It was a very good plug

A Kindle is coming my way by mail. Via Nicholson Baker in the New Yorker, I have a vivid sense of my first few moments.

It came, via UPS, in a big cardboard box. Inside the box were some puffy clear bladders of plastic, a packing slip with “$359” on it, and another cardboard box. This one said, in spare, lowercase type, “kindle.” On the side of the box was a plastic strip inlaid into the cardboard, which you were meant to pull to tear the package cleanly open. On it were the words “Once upon a time.” I pulled and opened.

Inside was another box, fancier than the first. Black cardboard was printed with a swarm of glossy black letters, and in the middle was, again, the word “kindle.” There was another pull strip on the side, which again said, “Once upon a time.” I’d entered some nesting Italo Calvino folktale world of packaging. (Calvino’s Italian folktales aren’t yet available at the Kindle Store, by the way.) I pulled again and opened.

Within, lying face up in a white-lined casket, was the device itself. It was pale, about the size of a hardcover novel, but much thinner, and it had a smallish screen and a QWERTY keyboard at the bottom made of tiny round pleasure-dot keys that resisted pressing. I gazed at the keys for a moment and thought of a restaurant accordion.

The plug, which was combined with the USB connector, was extremely well designed, in the best post-Apple style. It was a very, very good plug.

Baker is mildly disappointed, very good plug or not. I reserve judgement, but I am guessing Baker lugs not a second suitcase of hardcovers on eight week field trips.

9 thoughts on “It was a very good plug

  1. This is pretty geeky, but I’ve always been interested in getting one to make reading academic papers easier – I hate reading on computer screens and feel guilty printing out several 30 page documents every day. So when you give your full review let us know how it performs in the PDF department!

  2. I’ll be curious to hear what you think. I use one at work (scientific publishing) and I hate the thing. It does what it’s supposed to do, but every single interaction with it screams “this is the very first step of digital book publishing”, not to mention the DRM that’s a constant reminder of why we all hated DRM.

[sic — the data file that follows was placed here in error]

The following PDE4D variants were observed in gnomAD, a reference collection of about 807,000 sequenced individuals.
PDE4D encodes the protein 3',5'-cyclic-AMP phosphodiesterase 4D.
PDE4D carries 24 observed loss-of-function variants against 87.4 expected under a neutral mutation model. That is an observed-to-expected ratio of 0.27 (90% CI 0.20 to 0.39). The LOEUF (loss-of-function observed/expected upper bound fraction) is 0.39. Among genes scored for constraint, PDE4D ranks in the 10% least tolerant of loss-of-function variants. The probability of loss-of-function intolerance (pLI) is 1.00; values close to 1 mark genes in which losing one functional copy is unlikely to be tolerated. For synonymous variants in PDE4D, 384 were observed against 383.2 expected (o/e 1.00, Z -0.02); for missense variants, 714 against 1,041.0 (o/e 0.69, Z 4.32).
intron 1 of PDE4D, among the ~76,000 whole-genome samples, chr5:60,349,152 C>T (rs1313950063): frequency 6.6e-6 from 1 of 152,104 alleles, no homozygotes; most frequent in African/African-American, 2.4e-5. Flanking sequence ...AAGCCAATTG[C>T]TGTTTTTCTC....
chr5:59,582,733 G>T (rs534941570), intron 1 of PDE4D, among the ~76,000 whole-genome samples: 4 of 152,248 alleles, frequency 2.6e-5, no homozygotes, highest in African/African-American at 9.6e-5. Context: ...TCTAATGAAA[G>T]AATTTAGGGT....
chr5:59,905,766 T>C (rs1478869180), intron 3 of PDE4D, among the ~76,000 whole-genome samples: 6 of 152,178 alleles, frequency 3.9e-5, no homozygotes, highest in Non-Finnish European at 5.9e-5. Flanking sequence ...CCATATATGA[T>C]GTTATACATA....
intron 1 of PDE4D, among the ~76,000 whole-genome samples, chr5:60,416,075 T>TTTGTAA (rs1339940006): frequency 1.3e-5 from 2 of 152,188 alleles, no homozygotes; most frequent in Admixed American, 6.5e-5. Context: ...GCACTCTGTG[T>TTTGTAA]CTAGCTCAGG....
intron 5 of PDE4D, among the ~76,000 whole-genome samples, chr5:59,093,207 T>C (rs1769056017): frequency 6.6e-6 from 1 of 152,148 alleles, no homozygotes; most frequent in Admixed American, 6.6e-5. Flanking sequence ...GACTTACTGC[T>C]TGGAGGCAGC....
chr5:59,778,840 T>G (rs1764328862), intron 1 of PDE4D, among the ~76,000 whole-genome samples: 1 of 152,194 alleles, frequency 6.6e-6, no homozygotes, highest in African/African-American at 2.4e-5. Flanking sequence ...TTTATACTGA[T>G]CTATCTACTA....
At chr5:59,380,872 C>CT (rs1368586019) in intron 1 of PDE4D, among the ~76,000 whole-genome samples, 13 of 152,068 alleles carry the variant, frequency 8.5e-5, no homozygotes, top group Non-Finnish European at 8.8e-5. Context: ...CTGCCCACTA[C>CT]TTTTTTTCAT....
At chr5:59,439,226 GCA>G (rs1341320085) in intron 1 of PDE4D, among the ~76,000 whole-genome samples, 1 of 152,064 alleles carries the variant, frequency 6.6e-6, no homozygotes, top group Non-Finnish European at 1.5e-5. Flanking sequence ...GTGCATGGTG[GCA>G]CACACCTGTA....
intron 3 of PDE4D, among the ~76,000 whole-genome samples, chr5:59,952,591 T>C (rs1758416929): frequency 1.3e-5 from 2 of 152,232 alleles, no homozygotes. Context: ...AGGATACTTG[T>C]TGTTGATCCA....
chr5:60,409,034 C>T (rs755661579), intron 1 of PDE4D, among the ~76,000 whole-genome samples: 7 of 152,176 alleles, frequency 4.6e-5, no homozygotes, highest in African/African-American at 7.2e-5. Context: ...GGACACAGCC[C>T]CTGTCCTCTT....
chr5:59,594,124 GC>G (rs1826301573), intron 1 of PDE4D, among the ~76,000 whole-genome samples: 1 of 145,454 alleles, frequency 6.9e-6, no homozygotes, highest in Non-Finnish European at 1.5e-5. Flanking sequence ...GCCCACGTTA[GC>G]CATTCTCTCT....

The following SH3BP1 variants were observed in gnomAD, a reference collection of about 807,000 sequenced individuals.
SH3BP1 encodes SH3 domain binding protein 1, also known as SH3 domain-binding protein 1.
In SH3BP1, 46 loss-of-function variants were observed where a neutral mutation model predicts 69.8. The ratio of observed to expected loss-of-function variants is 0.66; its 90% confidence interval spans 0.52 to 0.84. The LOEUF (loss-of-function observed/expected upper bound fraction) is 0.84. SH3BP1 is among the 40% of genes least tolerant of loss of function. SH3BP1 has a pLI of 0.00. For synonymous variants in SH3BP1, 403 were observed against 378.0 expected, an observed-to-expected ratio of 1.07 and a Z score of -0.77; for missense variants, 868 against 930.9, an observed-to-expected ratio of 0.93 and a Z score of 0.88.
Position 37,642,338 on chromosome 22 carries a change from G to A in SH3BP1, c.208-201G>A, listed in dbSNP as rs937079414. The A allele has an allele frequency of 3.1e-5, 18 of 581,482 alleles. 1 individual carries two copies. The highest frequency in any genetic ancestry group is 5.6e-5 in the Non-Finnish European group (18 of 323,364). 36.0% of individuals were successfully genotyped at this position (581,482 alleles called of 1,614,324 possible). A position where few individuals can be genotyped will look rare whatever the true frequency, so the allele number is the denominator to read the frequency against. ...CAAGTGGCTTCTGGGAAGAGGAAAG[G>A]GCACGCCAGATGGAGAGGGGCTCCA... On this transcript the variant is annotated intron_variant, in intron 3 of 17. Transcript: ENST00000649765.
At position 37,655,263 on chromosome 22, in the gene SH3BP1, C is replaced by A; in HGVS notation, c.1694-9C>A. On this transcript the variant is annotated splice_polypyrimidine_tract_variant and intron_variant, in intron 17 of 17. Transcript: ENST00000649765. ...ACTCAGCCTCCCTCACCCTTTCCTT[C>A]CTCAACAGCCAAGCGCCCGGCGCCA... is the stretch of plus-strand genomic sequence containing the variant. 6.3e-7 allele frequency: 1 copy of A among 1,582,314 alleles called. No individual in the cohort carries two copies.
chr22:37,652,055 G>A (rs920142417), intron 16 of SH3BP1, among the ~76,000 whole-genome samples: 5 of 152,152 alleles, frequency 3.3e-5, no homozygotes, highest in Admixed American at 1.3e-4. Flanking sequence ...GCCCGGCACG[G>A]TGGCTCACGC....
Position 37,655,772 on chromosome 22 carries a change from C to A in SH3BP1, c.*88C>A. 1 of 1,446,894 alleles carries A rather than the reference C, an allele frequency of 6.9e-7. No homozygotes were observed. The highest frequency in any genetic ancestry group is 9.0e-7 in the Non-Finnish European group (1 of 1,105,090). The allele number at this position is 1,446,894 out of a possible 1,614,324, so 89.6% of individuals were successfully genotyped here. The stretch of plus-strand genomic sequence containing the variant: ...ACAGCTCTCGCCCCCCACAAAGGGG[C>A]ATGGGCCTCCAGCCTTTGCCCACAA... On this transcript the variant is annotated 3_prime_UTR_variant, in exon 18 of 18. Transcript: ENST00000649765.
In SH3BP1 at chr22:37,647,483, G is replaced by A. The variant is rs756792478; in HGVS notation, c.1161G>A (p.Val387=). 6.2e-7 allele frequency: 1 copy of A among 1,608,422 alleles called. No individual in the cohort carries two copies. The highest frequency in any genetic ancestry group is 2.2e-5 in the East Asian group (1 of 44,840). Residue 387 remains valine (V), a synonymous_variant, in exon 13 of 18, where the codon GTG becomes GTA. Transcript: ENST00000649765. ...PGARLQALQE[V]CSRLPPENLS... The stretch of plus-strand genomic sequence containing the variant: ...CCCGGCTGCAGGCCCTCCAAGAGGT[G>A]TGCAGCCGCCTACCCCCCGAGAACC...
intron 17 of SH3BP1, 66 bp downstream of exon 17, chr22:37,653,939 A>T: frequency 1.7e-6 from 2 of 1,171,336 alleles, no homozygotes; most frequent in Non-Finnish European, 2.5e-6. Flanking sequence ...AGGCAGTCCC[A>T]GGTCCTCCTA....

I love my digital music, and I look forward to having a good way to read book digitally, but this isn’t it. I prefer the Kindle iPhone app to the Kindle itself.

  3. There are other eReaders you can buy if you decide the Kindle is not what you’re looking for. On the others, you’re not bound by DRM, and you can even download ebooks from libraries or for free from some ebook websites. Check out http://www.chamberfour.com – those bloggers review the Kindle, the BE Book, and the Sony eReader. I’m using the BE Book and it’s pretty swell.

  4. I just received mine (DX) a few days ago. Not sure what you’re planning on using it for, but it has been OK for reading law review articles and case law downloaded from Westlaw; I’m sure it will be fine for other academic reading too.

    The PDF reader is “experimental,” but what that really means is underdeveloped. It can only display the PDFs — it can’t highlight and links don’t show up as links.

    It does read .doc files and .txt files, which is nice; however, the conversion is terrible. I’ve tried downloading articles as these formats onto the device, and while it does allow you to highlight text and click on links, the margins are all screwed up, and it screws up the spacing, so you get stuff like this:

    “In their character as law of the United States, rules of international law and provisions of international agreements of the United States are subject to the Bill of Rights and other prohibitions….”

    which drives me insane. Also, the device is supposed to read HTML documents, however, I don’t think it reads any CSS (which is what, unfortunately, law articles are coded with when in HTML format.)

    So far, it’s looked the best when I’ve downloaded the articles in HTML format, then used Mobipocket Creator to convert it to something Kindle-friendly. Since this is so time-consuming, I’ve just been putting PDFs on it instead.

    Also, the keyboard is junky. I have no idea who would write notes on this thing instead of just with a pencil and paper.

  5. Heh, well, apparently the comments section in your blog is better able to format text than the Amazon Kindle DX!

    Otherwise, you would have just seen a great deal of spacing that separates text at inappropriate places which makes it unreadable.

  6. I should say, you could always use the Amazon Kindle delivery service through whispernet to get .doc or .txt files properly converted and delivered to your Kindle — however, that costs $0.15 per MB, rounding up.

    If you use it, you’ll get a bunch of annoying charges (45 cents here, 15 cents there) on your credit card.

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